Small firms to sue RBS after branding City regulator ‘too slow’
Sunday Times, 21.08.2016
Small businesses that claim they were mistreated by Royal Bank of Scotland’s turnaround division have abandoned plans to wait for the regulator to establish a compensation scheme and will launch a £1bn legal action against the bank this year.
The move is the latest salvo from the RBS GRG Litigation group (RGL) which has criticised City regulator, the Financial Conduct Authority (FCA), for successive delays in publishing the results of its investigation into RBS’s controversial Global Restructuring Group (GRG).
The FCA received the report it commissioned some months ago, and shared its main points with RBS, but has failed to set a date for its publication. Last month FCA chief executive Andrew Bailey insisted the report was “not finished”.
A spokesman for RGL said: “We’re no longer willing to wait for the FCA. There is still no guarantee the FCA will establish a compensation scheme, or even a date for when it will publish its report into GRG, a report which RBS has seen and been allowed to respond to, but which the businesses affected by the bank’s actions are not.”
He added: “We want certainty and we want redress, and unfortunately it is increasingly clear that the best way to get that is through the courts. We can’t rely on the FCA or RBS to resolve this.” The RGL legal action consists of more than 140 small businesses who were former clients of RBS. They claim they were forced into GRG then pushed prematurely into administration, enabling the bank to profit from their distress. RGL said the average claim for each of the businesses was up to £7m.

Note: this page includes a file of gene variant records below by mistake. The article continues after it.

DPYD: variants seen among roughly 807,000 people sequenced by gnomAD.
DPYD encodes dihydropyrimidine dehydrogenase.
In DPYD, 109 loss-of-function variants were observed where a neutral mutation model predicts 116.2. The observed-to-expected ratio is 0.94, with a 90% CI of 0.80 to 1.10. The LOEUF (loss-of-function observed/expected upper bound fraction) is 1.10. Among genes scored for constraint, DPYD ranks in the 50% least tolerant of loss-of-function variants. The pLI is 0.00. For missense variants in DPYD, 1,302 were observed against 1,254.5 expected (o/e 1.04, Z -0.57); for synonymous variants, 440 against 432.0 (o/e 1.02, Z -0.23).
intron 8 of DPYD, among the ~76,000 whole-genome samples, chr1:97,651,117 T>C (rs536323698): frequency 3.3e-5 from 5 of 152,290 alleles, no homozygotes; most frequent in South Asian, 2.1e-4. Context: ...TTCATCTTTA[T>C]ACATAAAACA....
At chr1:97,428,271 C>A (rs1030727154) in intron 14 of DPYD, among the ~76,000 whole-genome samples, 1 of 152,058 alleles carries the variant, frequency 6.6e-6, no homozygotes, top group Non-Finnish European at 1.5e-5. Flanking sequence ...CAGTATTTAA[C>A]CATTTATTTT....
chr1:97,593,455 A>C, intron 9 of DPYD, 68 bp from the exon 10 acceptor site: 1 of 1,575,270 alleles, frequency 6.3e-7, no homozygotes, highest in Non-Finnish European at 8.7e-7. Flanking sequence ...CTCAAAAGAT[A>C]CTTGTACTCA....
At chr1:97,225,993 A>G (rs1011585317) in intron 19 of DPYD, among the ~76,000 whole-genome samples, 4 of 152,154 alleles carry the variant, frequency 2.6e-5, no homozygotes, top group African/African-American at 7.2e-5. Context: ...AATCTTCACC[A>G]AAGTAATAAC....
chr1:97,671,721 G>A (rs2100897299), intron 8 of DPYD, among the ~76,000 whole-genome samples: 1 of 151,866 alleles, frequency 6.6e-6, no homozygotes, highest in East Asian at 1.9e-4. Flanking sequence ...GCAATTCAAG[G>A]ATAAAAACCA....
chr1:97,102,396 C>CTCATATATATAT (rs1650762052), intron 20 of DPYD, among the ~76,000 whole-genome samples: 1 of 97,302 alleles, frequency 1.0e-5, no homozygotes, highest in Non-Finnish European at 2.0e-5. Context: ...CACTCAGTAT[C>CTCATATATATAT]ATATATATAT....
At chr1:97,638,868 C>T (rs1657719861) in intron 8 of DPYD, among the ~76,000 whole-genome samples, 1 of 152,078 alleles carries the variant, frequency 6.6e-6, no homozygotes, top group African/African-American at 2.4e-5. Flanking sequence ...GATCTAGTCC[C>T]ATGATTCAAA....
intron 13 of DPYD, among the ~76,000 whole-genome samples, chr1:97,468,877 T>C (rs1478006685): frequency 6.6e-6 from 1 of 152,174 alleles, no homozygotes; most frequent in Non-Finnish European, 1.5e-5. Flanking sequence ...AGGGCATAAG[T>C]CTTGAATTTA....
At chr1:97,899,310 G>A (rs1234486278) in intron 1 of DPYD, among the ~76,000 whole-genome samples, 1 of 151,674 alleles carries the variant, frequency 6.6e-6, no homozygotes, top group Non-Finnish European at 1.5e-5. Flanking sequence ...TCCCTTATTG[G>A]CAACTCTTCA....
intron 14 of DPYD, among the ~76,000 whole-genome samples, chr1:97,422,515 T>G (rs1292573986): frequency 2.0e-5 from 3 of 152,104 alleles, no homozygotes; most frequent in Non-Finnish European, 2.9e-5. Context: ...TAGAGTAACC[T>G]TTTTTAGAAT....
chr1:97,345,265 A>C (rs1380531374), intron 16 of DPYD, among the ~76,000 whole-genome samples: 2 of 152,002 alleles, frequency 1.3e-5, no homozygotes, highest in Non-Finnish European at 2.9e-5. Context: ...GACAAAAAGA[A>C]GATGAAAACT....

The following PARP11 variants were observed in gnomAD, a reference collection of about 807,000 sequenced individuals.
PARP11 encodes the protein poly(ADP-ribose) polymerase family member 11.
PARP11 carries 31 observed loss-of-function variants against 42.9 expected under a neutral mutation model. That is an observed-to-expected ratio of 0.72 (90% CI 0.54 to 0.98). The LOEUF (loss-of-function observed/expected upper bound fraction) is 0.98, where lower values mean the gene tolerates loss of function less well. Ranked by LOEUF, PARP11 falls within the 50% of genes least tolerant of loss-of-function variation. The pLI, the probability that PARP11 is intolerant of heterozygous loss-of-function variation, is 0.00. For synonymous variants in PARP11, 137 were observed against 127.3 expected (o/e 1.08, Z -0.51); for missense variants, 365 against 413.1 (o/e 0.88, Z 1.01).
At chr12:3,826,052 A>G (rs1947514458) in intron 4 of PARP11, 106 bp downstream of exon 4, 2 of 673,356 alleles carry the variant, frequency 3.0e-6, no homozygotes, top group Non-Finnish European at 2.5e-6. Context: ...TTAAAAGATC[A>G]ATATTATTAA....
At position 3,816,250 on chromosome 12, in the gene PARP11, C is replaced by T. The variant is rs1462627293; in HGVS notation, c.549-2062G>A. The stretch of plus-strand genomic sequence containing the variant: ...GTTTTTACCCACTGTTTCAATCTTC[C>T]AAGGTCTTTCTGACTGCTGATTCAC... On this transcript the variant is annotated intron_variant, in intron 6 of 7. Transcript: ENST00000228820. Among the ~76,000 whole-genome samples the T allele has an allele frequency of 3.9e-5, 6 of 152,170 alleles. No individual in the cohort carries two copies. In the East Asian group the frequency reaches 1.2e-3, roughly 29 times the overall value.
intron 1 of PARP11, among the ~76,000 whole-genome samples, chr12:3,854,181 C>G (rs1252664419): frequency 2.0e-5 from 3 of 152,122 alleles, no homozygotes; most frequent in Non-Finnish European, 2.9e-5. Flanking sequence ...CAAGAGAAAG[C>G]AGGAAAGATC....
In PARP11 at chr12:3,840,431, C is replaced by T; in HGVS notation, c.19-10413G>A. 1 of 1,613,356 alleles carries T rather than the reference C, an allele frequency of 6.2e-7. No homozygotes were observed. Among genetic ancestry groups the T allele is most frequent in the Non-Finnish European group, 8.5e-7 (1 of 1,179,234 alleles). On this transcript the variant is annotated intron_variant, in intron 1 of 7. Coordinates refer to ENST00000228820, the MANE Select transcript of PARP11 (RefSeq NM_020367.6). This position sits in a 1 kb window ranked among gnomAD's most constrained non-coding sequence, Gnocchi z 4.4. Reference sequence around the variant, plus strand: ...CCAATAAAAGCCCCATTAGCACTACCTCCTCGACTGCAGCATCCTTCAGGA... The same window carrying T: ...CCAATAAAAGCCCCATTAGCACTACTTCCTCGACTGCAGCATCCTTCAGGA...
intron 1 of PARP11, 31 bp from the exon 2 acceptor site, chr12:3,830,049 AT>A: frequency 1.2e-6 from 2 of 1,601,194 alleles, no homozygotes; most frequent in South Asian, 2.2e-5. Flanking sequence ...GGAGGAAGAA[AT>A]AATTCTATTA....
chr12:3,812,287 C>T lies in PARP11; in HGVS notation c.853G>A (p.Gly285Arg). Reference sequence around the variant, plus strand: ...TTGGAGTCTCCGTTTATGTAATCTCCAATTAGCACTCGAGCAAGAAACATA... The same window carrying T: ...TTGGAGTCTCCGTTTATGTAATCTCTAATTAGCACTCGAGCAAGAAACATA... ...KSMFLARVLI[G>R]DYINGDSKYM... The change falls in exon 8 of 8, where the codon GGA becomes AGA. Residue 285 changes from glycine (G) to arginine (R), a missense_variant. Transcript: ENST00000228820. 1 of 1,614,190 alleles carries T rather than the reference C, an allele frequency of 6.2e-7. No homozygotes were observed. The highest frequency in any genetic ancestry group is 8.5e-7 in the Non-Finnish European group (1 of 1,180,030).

GRG was established by RBS to handle the bank’s troubled business clients and help turn them around. The fees GRG collected helped RBS pay off its bad debts and improve its capital position. At its peak in 2010 GRG is estimated to have handled thousands of businesses with a combined value of around £90bn.
Almost 70% of companies involved in the RGL case claim RBS deliberately put unrealistically low valuations on their businesses and assets once they were placed in GRG. More than 90% said RBS imposed a range of excessive fees and other charges on them which further jeopardised the stability of their business once placed in GRG.
RBS denies the claims but declined to comment further. The FCA declined to comment.
Its investigation was prompted by an independent report by former government advisor and businessman Lawrence Tomlinson in 2013 which alleged the bank deliberately bankrupted some small businesses to make more money out of them.
The following year RBS commissioned an internal report by law firm Clifford Chance which found no evidence of fraud, but said there needed to be greater transparency over how the bank calculated its fees for small business clients.